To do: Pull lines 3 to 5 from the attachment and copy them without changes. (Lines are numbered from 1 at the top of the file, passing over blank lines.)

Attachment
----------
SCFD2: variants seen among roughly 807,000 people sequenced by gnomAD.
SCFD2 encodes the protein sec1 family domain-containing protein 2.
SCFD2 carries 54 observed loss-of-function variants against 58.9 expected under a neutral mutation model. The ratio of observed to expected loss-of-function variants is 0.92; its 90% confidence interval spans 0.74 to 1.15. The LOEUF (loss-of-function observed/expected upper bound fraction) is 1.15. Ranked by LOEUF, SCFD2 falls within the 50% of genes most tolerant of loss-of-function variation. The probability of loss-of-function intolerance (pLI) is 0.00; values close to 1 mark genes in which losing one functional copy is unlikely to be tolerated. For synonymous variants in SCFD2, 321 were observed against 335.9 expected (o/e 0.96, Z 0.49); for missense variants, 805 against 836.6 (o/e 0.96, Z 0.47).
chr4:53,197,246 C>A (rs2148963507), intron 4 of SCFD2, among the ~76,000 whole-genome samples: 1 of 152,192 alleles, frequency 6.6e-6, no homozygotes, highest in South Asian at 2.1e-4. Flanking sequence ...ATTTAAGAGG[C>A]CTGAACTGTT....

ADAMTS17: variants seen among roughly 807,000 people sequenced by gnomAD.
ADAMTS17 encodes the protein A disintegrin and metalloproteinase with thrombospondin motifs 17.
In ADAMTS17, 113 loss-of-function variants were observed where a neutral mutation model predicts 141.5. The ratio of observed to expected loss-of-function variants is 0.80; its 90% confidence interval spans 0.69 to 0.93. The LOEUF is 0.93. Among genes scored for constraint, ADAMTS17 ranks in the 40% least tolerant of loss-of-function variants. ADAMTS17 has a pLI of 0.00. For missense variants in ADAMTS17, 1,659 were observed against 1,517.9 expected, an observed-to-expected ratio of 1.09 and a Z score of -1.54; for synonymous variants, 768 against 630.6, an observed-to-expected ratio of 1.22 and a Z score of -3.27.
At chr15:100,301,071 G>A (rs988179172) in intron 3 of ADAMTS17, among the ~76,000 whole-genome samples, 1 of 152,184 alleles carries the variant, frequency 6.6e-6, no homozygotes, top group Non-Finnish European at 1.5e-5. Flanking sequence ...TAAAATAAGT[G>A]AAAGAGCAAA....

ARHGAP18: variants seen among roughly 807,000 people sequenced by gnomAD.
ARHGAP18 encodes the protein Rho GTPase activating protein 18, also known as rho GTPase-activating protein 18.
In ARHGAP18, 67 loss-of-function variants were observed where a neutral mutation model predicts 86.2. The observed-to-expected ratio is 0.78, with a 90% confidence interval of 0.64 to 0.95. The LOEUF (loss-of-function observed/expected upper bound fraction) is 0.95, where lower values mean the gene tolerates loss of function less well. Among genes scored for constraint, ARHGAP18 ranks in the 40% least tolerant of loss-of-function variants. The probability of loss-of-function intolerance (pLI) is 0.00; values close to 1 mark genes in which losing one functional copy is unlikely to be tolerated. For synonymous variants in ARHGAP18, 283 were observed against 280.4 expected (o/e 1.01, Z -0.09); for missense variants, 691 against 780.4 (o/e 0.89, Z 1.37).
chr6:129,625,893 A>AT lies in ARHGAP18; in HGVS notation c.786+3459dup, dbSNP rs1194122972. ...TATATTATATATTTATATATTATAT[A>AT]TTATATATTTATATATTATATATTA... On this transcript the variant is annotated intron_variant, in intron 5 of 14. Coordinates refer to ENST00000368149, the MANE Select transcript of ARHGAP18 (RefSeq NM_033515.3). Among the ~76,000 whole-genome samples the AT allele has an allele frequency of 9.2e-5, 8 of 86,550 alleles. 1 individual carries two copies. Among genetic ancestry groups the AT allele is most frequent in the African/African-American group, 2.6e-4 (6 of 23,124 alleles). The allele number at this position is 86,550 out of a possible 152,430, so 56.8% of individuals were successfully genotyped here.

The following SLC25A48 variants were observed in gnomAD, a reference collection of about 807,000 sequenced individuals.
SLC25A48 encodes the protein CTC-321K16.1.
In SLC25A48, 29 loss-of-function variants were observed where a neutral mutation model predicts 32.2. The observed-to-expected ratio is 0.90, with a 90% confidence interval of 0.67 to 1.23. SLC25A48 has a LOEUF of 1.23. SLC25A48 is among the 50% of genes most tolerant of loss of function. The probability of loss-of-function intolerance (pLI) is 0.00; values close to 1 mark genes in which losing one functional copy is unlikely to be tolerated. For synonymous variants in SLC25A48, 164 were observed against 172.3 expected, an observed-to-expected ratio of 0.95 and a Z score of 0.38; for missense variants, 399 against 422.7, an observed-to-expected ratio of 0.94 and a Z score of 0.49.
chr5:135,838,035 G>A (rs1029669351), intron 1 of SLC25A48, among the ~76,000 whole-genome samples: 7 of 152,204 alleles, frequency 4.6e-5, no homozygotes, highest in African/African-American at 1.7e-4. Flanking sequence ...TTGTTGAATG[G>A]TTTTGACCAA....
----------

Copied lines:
SCFD2 carries 54 observed loss-of-function variants against 58.9 expected under a neutral mutation model. The ratio of observed to expected loss-of-function variants is 0.92; its 90% confidence interval spans 0.74 to 1.15. The LOEUF (loss-of-function observed/expected upper bound fraction) is 1.15. Ranked by LOEUF, SCFD2 falls within the 50% of genes most tolerant of loss-of-function variation. The probability of loss-of-function intolerance (pLI) is 0.00; values close to 1 mark genes in which losing one functional copy is unlikely to be tolerated. For synonymous variants in SCFD2, 321 were observed against 335.9 expected (o/e 0.96, Z 0.49); for missense variants, 805 against 836.6 (o/e 0.96, Z 0.47).
chr4:53,197,246 C>A (rs2148963507), intron 4 of SCFD2, among the ~76,000 whole-genome samples: 1 of 152,192 alleles, frequency 6.6e-6, no homozygotes, highest in South Asian at 2.1e-4. Flanking sequence ...ATTTAAGAGG[C>A]CTGAACTGTT....

ADAMTS17: variants seen among roughly 807,000 people sequenced by gnomAD.